Was I supposed to get engaged, but not married? Was that the plan all along? Is there a possibility that I am supposed to get married, still, and that I somehow have ruined the plan? Is there a plan to be ruined, or do I get to choose how I live my life, which decisions to make, and what I want?
I think that often we are ruled by fear.
The fear of what is supposed to be rules us.
Unfortunately, it will inevitably also ruin us.
We get caught up in the “supposed tos” of the world, and trudge along, because we think we should. Even though we’re dying on the inside. Even though the action is against who we are. Even though we know that this thing, this action, this choice, isn’t what we want, isn’t what we know to be best for us.
Fear of judgment, and of disappointing people, and not living up to this idea of “supposed to” is squelching the fire we carry within us. The fear that the unknown won’t be as good as whatever we have now holds us back.
But what if we have the freedom to make our own choices? What if we have the ability to choose what we do with our precious and wild life? What if there is no “supposed to” and no one is watching you or looking over your shoulder, expecting certain things of and from you? What if all of those other voices were silenced, and it was just you and the Lord?
And…what if we were brave enough to look in the mirror, and ask ourselves the hard questions? The questions of what we need, and want. Of who we are, and what we’re born to do, and how we want to live our lives. Of what we dream of, and who we want to become.
What if we have the courage to ask what is working, and what honestly isn’t… no matter how hard it is or how much it hurts to admit? Especially when it’s hard.
I believe that we have such agency. I believe that we participate in choosing how our lives go, and that there is much more grey than I would have thought possible. Though there will always be occurrences and events that are outside of control, that doesn’t mean everything is.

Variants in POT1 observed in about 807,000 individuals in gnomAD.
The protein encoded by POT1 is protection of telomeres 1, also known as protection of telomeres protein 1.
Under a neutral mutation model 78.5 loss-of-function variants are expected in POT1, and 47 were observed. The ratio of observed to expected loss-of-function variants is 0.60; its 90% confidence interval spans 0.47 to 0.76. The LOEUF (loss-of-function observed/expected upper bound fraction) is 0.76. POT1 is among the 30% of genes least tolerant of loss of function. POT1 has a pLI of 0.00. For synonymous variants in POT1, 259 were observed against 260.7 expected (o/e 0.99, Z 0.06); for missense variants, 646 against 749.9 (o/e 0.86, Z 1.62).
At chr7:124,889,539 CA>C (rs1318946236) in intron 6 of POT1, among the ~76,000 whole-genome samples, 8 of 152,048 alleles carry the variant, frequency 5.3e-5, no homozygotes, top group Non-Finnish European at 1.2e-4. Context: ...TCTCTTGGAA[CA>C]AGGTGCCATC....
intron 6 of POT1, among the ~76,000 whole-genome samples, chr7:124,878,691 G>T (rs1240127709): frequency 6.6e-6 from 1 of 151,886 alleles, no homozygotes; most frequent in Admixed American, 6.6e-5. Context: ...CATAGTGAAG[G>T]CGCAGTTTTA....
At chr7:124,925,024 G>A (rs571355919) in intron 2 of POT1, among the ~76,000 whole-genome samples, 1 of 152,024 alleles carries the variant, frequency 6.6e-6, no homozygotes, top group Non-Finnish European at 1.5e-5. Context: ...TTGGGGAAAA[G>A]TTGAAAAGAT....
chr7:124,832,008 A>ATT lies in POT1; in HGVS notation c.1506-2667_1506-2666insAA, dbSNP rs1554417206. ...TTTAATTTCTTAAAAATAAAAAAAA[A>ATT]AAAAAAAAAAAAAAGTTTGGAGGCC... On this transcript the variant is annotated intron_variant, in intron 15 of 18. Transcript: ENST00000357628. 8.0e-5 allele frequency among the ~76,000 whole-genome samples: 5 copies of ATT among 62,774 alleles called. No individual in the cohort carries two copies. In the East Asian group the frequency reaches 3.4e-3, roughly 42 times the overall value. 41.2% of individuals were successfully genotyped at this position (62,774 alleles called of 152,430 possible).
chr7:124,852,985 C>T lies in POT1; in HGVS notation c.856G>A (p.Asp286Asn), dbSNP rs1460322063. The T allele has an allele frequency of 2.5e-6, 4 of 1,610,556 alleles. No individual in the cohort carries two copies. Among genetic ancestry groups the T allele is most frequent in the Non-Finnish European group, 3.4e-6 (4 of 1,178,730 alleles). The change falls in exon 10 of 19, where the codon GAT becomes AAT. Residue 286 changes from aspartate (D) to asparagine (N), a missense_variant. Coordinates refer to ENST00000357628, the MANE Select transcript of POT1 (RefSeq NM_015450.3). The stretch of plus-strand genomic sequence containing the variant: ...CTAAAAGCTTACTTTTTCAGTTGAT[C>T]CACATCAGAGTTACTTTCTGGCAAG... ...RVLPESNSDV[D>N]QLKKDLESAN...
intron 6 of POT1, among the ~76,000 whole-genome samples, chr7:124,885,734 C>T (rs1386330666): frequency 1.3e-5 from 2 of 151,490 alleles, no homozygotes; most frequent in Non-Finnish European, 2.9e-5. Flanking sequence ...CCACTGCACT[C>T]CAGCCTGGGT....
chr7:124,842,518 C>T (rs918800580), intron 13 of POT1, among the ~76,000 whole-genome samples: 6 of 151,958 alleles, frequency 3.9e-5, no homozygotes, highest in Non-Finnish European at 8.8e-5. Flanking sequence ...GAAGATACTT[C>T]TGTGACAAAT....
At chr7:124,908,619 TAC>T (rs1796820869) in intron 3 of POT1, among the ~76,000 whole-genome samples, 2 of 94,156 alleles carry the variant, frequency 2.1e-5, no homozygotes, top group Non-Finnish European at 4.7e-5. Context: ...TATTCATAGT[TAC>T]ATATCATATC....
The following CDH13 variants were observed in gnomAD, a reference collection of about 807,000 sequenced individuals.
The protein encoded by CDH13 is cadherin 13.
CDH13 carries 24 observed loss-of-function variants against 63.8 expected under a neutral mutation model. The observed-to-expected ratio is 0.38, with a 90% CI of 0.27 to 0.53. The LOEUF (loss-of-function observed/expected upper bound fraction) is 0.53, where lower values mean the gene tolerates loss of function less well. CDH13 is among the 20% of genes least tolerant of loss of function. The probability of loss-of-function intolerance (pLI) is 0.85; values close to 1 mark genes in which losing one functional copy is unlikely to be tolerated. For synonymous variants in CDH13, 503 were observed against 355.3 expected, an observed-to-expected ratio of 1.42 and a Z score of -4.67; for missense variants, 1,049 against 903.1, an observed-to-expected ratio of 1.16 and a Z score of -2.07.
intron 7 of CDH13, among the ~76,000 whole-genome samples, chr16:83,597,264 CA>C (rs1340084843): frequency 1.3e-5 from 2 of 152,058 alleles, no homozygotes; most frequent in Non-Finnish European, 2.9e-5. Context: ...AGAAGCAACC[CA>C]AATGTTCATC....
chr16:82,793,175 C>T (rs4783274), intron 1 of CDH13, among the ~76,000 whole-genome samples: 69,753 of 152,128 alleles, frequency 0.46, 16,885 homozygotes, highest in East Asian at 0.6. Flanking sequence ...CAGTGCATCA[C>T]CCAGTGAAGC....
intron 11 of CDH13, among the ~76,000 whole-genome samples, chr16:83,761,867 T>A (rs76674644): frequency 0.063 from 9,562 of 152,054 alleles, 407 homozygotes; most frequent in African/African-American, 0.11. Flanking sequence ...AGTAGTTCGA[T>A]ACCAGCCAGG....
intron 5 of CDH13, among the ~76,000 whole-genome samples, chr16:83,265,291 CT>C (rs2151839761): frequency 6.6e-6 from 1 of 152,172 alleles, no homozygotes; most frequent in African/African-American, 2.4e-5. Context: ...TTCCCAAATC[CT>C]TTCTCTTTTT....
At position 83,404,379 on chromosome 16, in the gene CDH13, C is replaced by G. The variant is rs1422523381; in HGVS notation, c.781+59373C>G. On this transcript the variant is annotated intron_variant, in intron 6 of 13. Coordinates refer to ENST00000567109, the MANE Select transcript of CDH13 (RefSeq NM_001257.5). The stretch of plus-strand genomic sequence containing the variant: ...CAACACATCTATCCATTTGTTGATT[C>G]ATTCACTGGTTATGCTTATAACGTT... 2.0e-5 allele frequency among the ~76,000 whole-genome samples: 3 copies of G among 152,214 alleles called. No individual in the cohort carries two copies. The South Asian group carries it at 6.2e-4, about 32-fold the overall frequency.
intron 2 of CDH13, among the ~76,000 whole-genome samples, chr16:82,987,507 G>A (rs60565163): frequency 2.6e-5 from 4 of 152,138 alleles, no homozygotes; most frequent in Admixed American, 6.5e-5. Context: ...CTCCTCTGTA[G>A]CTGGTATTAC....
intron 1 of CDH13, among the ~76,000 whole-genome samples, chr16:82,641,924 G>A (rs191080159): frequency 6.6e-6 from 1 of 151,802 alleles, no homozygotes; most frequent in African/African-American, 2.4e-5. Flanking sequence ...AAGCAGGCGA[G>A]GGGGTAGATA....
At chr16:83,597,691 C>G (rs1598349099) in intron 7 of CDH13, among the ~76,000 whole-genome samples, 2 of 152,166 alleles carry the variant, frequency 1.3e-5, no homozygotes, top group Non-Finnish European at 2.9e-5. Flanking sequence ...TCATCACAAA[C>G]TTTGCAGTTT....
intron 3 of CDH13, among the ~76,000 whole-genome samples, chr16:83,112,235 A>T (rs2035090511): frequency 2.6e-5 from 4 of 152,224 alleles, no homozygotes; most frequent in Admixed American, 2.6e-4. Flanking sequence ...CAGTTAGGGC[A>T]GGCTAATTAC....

How we respond, how we act, how we react, how we treat others, how we treat ourselves, how we live our lives – these are our responsibility, and ours to own.
I’m not getting married tomorrow. And it isn’t because I wasn’t “supposed to.” It’s because I dared to look at my life and when I did, I had to admit that things were not as I pretended.
I had the courage to ask myself difficult questions. Then, I had the courage to listen to myself when the answers weren’t what they were “supposed” to be.
Someone, older and wiser than I, said something that I’ve thought about many times since its utterance back in May. He told me, “Whatever decision you make, don’t regret it. Choose to not regret it. It’s your choice.”
I believe him.
Nearly four months have passed since the conversation that sparked this drastic course change, and I don’t regret the decisions I have made.
Wielding a new perspective, journal, and planner, I’ll move forward. Possibilities are endless for what may occur in the next year of my life, and I look forward to the adventure. My life might not be the one I had assumed, or expected. It might not be the one it was “supposed” to be.
But it is mine, and that’s what counts.